- London’s Railway Land – Strategic Visions for the King’s Cross Opportunity Area    click here to open paper content224 kb
by    Gossop, Chris | Chris.Gossop.a6@pins.gsi.gov.uk   click here to send an email to the auther(s) of this paper
Short Outline
This paper explores the vision that underlies the King’s Cross development, a major mixed use scheme that is closely related to the Channel Tunnel Rail Link to be completed in November 2007. A key question is to what extent does the vision for King’s Cross meet the wider planning objectives for London?
London’s Railway Land – The Strategic Vision for the King’s Cross Opportunity Area
The ground-breaking London Plan, adopted in 2004, seeks to accommodate a 10% increase in population by the year 2016, and it also envisages a quarter of a million new jobs. Under Objective 1 of the Plan, the new development will have to be built within London’s existing boundaries, without encroaching upon open spaces.

The ‘macro’ vision for London includes 28 Opportunity Areas which are to be foci for substantial growth. Among them are several major railway terminals where there is to be intensive, transport linked development. This paper focuses upon the King’s Cross Development where a major mixed use scheme will follow in the wake of the soon to be opened Channel Tunnel Rail Link. This is a site whose future has been argued over for more than 30 years and, at last, this major opportunity is about to be realised.

This paper outlines the vision that underlies the King’s Cross development and the way that it has evolved in the face of the opportunities and the challenges present. It examines the way that the plan was constructed and it identifies the main actors. But, above all, it seeks to explore the extent to which this planned development meets the fundamental aims and objectives of the London Plan and other relevant planning documents.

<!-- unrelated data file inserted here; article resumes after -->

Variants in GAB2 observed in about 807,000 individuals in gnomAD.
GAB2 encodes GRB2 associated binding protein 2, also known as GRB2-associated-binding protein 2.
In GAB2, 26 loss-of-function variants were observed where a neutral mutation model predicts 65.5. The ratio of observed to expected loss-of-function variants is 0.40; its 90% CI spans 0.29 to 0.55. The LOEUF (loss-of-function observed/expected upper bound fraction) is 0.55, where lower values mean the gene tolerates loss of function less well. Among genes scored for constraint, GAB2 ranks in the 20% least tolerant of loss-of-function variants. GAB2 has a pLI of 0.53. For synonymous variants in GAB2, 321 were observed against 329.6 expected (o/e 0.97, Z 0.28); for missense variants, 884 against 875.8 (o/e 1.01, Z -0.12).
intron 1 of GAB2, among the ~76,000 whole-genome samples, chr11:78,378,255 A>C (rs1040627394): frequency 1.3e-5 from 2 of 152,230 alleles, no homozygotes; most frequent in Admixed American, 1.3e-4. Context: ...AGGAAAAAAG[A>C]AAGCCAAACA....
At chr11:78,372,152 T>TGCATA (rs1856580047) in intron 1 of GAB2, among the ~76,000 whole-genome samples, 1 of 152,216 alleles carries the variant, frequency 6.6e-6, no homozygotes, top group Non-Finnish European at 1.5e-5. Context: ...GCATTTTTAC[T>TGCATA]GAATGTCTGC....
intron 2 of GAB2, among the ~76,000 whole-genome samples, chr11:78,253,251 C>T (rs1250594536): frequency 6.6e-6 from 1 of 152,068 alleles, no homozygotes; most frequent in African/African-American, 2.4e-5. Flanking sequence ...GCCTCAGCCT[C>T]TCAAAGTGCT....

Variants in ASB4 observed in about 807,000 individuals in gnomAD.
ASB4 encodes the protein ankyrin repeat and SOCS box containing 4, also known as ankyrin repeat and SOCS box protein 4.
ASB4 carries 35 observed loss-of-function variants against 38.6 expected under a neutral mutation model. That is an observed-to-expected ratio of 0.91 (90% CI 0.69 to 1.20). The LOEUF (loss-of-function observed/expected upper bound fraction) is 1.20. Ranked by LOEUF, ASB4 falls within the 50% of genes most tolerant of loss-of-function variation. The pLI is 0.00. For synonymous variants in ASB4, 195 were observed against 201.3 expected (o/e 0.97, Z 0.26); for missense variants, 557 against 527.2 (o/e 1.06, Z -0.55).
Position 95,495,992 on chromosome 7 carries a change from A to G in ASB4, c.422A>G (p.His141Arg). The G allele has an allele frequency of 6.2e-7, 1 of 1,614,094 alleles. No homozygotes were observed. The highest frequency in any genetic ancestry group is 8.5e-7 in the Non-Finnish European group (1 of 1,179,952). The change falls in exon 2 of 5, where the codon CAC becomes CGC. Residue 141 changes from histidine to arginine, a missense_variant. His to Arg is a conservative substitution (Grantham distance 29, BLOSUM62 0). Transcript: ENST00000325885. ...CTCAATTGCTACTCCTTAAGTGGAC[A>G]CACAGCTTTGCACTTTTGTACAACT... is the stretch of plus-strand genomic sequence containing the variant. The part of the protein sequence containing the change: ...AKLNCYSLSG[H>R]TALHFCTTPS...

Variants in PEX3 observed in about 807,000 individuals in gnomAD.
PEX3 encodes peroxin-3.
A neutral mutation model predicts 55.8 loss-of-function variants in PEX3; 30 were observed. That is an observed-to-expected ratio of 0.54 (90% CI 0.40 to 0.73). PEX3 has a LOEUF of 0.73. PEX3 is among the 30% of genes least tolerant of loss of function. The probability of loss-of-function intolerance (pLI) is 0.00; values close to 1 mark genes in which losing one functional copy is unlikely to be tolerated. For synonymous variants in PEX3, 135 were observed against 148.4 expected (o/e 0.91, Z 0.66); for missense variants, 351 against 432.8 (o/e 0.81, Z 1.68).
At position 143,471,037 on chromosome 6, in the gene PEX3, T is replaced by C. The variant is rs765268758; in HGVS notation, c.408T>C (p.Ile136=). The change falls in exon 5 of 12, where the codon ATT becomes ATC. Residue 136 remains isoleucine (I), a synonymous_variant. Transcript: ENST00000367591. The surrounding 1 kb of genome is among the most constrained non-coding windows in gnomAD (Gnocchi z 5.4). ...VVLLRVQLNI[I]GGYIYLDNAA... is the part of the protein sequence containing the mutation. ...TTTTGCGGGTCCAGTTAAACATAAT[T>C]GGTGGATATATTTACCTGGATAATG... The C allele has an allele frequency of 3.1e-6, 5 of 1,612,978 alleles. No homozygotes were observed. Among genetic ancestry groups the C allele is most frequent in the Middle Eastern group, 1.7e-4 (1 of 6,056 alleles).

London, as a world city, displays huge strengths but there are also major tensions. For example, there is persistent social deprivation alongside the affluence and, environmentally, there are many areas where the quality of life leaves much to be desired. Thus, following those aims and objectives, does this development help make London a better place to live and work in, as well as a more attractive, well designed and green city, and does it promote social inclusivity? Thus, does the vision for King’s Cross represent good planning?
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